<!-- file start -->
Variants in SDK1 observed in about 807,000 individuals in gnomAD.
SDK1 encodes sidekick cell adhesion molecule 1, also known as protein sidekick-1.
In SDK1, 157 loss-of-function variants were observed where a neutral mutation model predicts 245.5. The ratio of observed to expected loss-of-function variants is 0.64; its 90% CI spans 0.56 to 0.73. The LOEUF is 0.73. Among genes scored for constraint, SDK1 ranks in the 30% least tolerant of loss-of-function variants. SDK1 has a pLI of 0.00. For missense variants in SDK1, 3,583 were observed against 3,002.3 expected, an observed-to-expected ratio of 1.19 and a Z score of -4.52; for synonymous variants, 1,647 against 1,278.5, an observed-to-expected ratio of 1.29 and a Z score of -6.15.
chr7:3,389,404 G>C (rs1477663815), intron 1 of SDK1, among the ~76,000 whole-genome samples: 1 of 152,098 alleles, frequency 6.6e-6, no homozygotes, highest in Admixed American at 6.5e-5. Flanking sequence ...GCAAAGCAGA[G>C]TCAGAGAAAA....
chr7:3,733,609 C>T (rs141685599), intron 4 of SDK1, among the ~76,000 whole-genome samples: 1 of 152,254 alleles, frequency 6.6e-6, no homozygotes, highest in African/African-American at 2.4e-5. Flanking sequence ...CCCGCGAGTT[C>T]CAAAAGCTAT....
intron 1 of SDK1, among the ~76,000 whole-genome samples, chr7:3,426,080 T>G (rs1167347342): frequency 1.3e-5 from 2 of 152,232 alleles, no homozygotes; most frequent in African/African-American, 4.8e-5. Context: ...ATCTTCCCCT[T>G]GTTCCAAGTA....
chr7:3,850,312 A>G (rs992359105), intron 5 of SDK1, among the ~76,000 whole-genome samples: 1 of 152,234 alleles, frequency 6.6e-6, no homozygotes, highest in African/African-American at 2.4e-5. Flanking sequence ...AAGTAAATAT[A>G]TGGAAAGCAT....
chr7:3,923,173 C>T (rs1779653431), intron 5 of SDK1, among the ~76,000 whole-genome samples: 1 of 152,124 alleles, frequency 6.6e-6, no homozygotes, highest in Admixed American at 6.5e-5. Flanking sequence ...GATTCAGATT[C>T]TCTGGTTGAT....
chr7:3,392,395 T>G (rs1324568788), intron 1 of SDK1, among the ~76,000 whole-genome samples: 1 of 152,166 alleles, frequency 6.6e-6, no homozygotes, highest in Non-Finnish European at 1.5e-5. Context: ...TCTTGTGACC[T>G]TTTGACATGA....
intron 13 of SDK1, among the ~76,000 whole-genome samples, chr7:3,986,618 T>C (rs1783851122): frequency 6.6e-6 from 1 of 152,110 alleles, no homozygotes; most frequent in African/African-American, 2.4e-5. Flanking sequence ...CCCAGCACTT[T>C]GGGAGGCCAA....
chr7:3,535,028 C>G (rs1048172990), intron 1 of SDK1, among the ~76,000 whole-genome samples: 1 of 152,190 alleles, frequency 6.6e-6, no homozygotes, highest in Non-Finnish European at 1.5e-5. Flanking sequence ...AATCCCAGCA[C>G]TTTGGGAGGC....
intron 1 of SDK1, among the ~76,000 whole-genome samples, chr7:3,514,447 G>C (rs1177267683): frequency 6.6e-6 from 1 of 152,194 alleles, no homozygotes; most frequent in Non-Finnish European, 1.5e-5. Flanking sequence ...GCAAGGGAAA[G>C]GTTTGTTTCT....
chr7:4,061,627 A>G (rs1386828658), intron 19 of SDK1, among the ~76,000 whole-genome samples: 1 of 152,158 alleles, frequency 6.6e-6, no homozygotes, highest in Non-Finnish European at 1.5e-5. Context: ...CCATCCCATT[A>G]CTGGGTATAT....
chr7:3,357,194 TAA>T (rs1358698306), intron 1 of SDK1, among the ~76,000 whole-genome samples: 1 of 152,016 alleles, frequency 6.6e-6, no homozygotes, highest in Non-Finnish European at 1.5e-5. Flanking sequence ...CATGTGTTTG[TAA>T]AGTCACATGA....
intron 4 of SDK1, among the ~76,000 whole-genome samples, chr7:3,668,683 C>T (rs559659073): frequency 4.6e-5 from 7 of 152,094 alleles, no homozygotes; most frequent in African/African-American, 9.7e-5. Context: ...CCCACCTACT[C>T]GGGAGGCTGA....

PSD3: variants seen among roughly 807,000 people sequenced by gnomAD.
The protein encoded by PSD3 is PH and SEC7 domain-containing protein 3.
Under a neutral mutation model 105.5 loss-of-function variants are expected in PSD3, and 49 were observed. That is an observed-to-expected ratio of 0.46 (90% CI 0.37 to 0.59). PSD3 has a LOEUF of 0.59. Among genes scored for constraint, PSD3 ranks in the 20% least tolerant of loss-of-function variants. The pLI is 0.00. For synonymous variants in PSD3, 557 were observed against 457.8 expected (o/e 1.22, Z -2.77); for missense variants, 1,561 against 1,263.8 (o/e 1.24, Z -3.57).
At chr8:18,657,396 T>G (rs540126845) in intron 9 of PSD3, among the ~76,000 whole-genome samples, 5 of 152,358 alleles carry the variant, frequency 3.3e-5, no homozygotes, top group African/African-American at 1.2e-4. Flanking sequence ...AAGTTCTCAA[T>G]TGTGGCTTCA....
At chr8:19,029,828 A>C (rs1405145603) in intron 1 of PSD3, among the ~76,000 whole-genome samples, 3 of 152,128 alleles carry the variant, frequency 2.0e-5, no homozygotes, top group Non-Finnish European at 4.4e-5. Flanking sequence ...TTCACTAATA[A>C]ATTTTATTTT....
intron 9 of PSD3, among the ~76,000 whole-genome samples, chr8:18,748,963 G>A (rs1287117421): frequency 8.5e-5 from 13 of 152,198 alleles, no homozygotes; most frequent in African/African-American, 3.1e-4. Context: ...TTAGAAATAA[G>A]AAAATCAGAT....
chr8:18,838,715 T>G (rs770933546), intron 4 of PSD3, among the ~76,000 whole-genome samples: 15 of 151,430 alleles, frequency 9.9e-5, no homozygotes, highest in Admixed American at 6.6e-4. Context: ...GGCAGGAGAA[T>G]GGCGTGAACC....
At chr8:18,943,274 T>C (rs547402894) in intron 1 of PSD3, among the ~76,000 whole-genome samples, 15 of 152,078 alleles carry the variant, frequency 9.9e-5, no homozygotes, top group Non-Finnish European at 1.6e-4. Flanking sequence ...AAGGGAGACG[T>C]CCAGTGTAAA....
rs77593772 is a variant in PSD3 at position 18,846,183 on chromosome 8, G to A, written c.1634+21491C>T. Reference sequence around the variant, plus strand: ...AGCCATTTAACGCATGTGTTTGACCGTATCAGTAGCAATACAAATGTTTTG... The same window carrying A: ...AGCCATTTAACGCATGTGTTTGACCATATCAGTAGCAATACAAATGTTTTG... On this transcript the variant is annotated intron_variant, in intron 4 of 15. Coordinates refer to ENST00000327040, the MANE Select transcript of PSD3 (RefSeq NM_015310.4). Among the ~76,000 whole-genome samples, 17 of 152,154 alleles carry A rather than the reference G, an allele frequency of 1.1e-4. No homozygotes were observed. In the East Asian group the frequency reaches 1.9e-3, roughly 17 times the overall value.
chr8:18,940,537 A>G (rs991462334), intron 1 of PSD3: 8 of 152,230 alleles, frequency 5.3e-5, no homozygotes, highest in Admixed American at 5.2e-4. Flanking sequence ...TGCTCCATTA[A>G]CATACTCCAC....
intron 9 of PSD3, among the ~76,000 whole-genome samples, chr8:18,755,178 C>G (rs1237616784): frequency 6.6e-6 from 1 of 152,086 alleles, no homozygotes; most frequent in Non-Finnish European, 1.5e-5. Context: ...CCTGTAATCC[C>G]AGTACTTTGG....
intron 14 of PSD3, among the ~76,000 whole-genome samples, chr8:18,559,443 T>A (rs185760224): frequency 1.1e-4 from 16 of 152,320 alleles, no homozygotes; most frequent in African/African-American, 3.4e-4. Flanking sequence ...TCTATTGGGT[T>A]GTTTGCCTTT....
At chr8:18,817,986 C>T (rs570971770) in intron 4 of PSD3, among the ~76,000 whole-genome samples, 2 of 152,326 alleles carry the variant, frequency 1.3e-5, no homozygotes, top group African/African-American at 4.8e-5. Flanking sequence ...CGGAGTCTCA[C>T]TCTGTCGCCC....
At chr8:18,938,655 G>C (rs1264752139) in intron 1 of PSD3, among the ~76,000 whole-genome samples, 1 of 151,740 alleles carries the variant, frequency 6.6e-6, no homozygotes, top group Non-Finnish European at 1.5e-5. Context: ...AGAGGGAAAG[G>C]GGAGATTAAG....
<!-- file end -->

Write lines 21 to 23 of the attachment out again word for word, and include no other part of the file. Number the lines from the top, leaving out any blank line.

intron 9 of PSD3, among the ~76,000 whole-genome samples, chr8:18,748,963 G>A (rs1287117421): frequency 8.5e-5 from 13 of 152,198 alleles, no homozygotes; most frequent in African/African-American, 3.1e-4. Context: ...TTAGAAATAA[G>A]AAAATCAGAT....
chr8:18,838,715 T>G (rs770933546), intron 4 of PSD3, among the ~76,000 whole-genome samples: 15 of 151,430 alleles, frequency 9.9e-5, no homozygotes, highest in Admixed American at 6.6e-4. Context: ...GGCAGGAGAA[T>G]GGCGTGAACC....
At chr8:18,943,274 T>C (rs547402894) in intron 1 of PSD3, among the ~76,000 whole-genome samples, 15 of 152,078 alleles carry the variant, frequency 9.9e-5, no homozygotes, top group Non-Finnish European at 1.6e-4. Flanking sequence ...AAGGGAGACG[T>C]CCAGTGTAAA....